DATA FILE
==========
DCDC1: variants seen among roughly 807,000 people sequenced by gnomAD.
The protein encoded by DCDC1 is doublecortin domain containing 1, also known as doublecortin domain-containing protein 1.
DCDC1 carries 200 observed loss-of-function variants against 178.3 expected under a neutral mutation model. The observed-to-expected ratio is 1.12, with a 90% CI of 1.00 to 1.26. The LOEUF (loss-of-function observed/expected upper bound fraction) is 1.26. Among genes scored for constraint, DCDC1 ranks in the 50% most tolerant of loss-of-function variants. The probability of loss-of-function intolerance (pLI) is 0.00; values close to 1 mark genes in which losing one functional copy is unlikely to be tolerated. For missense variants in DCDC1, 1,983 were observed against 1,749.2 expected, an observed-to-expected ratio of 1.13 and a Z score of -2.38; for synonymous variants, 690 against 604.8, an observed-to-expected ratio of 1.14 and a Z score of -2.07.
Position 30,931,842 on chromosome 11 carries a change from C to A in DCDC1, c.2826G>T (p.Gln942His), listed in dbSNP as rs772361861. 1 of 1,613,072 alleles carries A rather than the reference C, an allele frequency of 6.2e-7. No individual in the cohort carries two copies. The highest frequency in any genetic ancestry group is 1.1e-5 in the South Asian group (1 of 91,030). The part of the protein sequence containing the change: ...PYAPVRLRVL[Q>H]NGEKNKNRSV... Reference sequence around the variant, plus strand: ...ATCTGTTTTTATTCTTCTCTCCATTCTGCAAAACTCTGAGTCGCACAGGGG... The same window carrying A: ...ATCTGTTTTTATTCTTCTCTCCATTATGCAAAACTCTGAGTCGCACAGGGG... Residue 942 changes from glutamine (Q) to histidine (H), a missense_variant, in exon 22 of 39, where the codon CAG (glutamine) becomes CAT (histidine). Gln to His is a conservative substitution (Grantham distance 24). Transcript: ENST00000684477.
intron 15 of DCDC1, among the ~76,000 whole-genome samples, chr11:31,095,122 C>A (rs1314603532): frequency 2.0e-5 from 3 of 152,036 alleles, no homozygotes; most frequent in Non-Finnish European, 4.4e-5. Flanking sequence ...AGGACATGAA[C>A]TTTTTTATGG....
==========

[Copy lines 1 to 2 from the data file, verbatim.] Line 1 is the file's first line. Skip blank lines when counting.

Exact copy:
DCDC1: variants seen among roughly 807,000 people sequenced by gnomAD.
The protein encoded by DCDC1 is doublecortin domain containing 1, also known as doublecortin domain-containing protein 1.